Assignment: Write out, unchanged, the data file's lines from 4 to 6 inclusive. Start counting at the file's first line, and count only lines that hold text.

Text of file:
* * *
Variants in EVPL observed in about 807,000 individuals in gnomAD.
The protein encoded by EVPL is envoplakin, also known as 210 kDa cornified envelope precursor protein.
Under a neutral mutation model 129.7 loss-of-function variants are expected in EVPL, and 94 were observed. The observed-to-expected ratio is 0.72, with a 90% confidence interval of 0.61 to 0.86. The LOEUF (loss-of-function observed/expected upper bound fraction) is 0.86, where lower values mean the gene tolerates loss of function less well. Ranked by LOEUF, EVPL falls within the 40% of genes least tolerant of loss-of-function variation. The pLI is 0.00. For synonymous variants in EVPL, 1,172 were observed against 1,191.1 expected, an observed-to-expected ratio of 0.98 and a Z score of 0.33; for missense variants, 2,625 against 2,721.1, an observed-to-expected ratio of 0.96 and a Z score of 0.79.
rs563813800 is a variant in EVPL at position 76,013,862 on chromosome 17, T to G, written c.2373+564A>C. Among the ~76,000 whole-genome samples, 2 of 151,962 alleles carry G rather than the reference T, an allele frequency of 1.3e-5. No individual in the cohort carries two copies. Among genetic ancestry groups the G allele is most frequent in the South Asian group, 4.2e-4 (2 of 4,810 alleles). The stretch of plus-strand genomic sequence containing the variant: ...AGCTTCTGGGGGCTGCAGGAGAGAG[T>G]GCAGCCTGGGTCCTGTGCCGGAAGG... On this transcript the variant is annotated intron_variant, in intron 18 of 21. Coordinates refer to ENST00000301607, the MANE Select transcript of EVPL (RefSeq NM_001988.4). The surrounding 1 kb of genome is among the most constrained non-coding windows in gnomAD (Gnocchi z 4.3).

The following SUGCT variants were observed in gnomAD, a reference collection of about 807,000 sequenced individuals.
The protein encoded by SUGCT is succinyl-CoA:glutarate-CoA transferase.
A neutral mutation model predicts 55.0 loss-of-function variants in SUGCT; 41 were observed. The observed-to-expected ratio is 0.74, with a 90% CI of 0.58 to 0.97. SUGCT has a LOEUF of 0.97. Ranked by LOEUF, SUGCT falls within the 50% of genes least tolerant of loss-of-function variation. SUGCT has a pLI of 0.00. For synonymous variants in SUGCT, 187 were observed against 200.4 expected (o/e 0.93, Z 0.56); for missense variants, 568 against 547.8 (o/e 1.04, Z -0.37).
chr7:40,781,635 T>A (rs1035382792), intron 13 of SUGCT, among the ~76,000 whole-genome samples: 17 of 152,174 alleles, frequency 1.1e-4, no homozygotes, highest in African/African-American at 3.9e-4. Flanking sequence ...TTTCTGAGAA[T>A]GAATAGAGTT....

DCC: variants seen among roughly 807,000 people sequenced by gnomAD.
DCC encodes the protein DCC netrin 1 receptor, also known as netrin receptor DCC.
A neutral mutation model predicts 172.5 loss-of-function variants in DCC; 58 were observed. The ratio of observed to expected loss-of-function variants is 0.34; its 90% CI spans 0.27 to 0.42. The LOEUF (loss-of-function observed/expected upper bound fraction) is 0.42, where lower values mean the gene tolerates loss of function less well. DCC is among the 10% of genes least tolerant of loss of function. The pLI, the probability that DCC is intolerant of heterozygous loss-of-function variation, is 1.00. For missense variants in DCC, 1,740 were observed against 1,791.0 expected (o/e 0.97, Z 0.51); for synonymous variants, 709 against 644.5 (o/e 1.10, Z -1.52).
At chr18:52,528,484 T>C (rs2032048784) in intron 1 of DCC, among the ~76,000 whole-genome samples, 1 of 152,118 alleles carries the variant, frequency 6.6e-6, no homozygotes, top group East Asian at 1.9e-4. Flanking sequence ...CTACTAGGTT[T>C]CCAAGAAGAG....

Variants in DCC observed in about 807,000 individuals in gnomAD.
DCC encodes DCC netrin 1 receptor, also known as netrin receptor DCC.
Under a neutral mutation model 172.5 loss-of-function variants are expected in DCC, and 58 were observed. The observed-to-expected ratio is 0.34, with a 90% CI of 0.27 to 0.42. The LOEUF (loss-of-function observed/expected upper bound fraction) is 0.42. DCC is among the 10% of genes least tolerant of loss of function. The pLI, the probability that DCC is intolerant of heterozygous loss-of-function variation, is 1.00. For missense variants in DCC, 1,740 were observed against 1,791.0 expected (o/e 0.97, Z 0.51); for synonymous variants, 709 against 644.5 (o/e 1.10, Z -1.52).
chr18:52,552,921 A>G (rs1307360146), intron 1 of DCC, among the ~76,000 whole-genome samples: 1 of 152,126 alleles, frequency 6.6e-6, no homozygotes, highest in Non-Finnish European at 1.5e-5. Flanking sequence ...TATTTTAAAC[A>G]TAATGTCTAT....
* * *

rs563813800 is a variant in EVPL at position 76,013,862 on chromosome 17, T to G, written c.2373+564A>C. Among the ~76,000 whole-genome samples, 2 of 151,962 alleles carry G rather than the reference T, an allele frequency of 1.3e-5. No individual in the cohort carries two copies. Among genetic ancestry groups the G allele is most frequent in the South Asian group, 4.2e-4 (2 of 4,810 alleles). The stretch of plus-strand genomic sequence containing the variant: ...AGCTTCTGGGGGCTGCAGGAGAGAG[T>G]GCAGCCTGGGTCCTGTGCCGGAAGG... On this transcript the variant is annotated intron_variant, in intron 18 of 21. Coordinates refer to ENST00000301607, the MANE Select transcript of EVPL (RefSeq NM_001988.4). The surrounding 1 kb of genome is among the most constrained non-coding windows in gnomAD (Gnocchi z 4.3).

The following SUGCT variants were observed in gnomAD, a reference collection of about 807,000 sequenced individuals.
The protein encoded by SUGCT is succinyl-CoA:glutarate-CoA transferase.